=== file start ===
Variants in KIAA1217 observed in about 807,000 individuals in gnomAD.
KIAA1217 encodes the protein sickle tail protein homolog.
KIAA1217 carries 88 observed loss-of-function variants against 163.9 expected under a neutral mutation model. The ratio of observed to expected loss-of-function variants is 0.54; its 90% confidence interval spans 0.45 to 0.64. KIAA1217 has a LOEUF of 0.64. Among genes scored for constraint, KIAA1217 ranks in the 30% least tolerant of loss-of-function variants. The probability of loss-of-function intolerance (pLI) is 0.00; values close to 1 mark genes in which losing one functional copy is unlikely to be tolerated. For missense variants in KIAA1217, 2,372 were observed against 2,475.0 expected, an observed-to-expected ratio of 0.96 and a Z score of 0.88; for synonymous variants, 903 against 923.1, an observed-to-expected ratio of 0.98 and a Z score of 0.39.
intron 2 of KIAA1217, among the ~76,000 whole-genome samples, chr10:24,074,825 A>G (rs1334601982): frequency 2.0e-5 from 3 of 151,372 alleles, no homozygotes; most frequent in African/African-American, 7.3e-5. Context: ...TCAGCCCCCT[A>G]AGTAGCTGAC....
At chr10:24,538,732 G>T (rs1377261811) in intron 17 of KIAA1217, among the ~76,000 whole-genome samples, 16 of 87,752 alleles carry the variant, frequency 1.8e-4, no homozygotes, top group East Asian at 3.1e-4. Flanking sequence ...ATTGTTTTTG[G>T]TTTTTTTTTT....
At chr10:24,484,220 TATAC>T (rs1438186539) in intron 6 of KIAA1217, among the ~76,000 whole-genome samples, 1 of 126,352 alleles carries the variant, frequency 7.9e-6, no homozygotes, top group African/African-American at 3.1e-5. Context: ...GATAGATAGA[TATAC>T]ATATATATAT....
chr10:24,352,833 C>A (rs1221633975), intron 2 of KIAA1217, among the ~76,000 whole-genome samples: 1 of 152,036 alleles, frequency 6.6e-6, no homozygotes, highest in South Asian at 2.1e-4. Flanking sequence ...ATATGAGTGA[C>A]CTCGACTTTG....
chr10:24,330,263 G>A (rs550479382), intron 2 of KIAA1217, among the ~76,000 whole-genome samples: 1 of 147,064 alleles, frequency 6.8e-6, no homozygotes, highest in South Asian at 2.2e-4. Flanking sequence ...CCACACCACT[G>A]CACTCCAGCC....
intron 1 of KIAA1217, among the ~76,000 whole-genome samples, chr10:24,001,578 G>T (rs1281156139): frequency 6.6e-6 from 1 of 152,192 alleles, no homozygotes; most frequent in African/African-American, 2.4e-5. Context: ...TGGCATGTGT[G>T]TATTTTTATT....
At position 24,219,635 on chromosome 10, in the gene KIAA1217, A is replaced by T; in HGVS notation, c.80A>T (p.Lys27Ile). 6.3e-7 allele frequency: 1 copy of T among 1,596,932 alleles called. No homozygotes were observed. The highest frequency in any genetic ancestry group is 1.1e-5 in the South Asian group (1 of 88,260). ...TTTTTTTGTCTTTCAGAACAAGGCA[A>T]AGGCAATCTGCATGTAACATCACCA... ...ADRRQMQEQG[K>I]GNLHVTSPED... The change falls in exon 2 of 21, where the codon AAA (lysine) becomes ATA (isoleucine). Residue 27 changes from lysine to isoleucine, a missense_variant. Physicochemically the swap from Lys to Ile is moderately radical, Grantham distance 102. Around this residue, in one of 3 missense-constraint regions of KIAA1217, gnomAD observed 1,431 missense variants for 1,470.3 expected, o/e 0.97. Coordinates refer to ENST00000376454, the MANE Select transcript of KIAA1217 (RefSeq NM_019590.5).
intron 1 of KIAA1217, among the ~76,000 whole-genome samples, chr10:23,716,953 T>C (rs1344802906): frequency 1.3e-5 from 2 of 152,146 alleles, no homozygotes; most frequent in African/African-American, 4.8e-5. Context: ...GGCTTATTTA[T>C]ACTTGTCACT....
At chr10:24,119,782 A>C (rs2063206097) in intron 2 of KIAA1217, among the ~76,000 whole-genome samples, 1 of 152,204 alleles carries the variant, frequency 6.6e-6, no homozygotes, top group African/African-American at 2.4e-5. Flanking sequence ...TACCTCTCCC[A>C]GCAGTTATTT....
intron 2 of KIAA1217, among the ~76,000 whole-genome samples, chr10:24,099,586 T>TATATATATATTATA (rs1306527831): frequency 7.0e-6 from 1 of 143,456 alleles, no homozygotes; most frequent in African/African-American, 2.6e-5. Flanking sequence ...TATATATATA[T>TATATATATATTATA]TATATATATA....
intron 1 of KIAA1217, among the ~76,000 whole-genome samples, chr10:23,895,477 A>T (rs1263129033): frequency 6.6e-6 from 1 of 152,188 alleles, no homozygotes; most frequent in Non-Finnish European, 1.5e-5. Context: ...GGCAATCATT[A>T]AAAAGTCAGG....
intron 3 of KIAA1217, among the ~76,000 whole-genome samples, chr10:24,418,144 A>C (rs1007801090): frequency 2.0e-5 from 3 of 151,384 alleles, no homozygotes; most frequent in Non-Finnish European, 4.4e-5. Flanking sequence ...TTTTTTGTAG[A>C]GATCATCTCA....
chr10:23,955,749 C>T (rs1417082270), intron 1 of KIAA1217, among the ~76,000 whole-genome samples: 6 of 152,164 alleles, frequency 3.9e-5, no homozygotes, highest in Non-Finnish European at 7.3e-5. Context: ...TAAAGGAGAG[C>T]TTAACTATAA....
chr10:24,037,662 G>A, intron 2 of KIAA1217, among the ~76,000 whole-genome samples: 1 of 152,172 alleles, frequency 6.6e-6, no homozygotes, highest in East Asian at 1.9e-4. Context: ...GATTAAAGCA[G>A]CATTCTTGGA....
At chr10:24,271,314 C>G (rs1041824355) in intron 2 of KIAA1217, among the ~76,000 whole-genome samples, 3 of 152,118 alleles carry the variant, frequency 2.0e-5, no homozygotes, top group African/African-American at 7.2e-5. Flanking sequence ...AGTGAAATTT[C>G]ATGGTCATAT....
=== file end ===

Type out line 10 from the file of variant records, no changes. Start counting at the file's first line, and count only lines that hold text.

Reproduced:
At position 24,219,635 on chromosome 10, in the gene KIAA1217, A is replaced by T; in HGVS notation, c.80A>T (p.Lys27Ile). 6.3e-7 allele frequency: 1 copy of T among 1,596,932 alleles called. No homozygotes were observed. The highest frequency in any genetic ancestry group is 1.1e-5 in the South Asian group (1 of 88,260). ...TTTTTTTGTCTTTCAGAACAAGGCA[A>T]AGGCAATCTGCATGTAACATCACCA... ...ADRRQMQEQG[K>I]GNLHVTSPED... The change falls in exon 2 of 21, where the codon AAA (lysine) becomes ATA (isoleucine). Residue 27 changes from lysine to isoleucine, a missense_variant. Physicochemically the swap from Lys to Ile is moderately radical, Grantham distance 102. Around this residue, in one of 3 missense-constraint regions of KIAA1217, gnomAD observed 1,431 missense variants for 1,470.3 expected, o/e 0.97. Coordinates refer to ENST00000376454, the MANE Select transcript of KIAA1217 (RefSeq NM_019590.5).